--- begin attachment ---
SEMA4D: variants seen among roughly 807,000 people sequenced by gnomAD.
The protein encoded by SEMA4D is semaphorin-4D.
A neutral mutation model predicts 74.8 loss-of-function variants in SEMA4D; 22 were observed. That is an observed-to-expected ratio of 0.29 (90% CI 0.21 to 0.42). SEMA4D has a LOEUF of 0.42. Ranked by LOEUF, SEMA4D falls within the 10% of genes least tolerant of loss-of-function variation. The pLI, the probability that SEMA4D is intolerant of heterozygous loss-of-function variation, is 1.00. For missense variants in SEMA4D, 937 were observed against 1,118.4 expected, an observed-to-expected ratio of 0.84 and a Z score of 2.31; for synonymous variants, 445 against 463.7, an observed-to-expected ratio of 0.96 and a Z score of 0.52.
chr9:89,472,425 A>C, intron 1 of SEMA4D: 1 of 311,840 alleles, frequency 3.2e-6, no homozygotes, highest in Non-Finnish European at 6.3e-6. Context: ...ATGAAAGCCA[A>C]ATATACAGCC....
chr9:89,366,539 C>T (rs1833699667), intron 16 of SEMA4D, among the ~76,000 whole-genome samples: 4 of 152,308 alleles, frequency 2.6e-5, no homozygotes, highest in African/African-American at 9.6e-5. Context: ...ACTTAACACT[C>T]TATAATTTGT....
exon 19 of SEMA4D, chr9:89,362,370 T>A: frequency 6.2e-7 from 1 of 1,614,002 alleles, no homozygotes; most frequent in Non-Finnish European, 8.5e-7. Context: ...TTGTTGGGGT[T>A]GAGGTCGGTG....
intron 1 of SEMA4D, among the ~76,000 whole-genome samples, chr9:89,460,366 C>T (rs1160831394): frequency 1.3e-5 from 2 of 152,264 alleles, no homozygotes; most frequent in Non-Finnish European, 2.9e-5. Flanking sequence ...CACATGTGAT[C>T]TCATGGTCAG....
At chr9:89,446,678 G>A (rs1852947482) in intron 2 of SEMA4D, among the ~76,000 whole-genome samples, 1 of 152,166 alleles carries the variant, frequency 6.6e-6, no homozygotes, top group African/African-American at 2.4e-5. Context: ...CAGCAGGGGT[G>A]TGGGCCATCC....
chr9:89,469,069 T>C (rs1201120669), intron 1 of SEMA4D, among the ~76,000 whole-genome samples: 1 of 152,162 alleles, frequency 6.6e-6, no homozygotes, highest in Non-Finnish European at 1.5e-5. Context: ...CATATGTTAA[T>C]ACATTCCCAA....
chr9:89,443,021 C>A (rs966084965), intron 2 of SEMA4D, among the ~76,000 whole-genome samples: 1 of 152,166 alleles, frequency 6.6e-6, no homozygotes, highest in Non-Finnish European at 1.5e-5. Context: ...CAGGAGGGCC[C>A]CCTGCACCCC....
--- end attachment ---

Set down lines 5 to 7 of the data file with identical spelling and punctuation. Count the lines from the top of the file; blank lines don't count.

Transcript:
chr9:89,366,539 C>T (rs1833699667), intron 16 of SEMA4D, among the ~76,000 whole-genome samples: 4 of 152,308 alleles, frequency 2.6e-5, no homozygotes, highest in African/African-American at 9.6e-5. Context: ...ACTTAACACT[C>T]TATAATTTGT....
exon 19 of SEMA4D, chr9:89,362,370 T>A: frequency 6.2e-7 from 1 of 1,614,002 alleles, no homozygotes; most frequent in Non-Finnish European, 8.5e-7. Context: ...TTGTTGGGGT[T>A]GAGGTCGGTG....
intron 1 of SEMA4D, among the ~76,000 whole-genome samples, chr9:89,460,366 C>T (rs1160831394): frequency 1.3e-5 from 2 of 152,264 alleles, no homozygotes; most frequent in Non-Finnish European, 2.9e-5. Flanking sequence ...CACATGTGAT[C>T]TCATGGTCAG....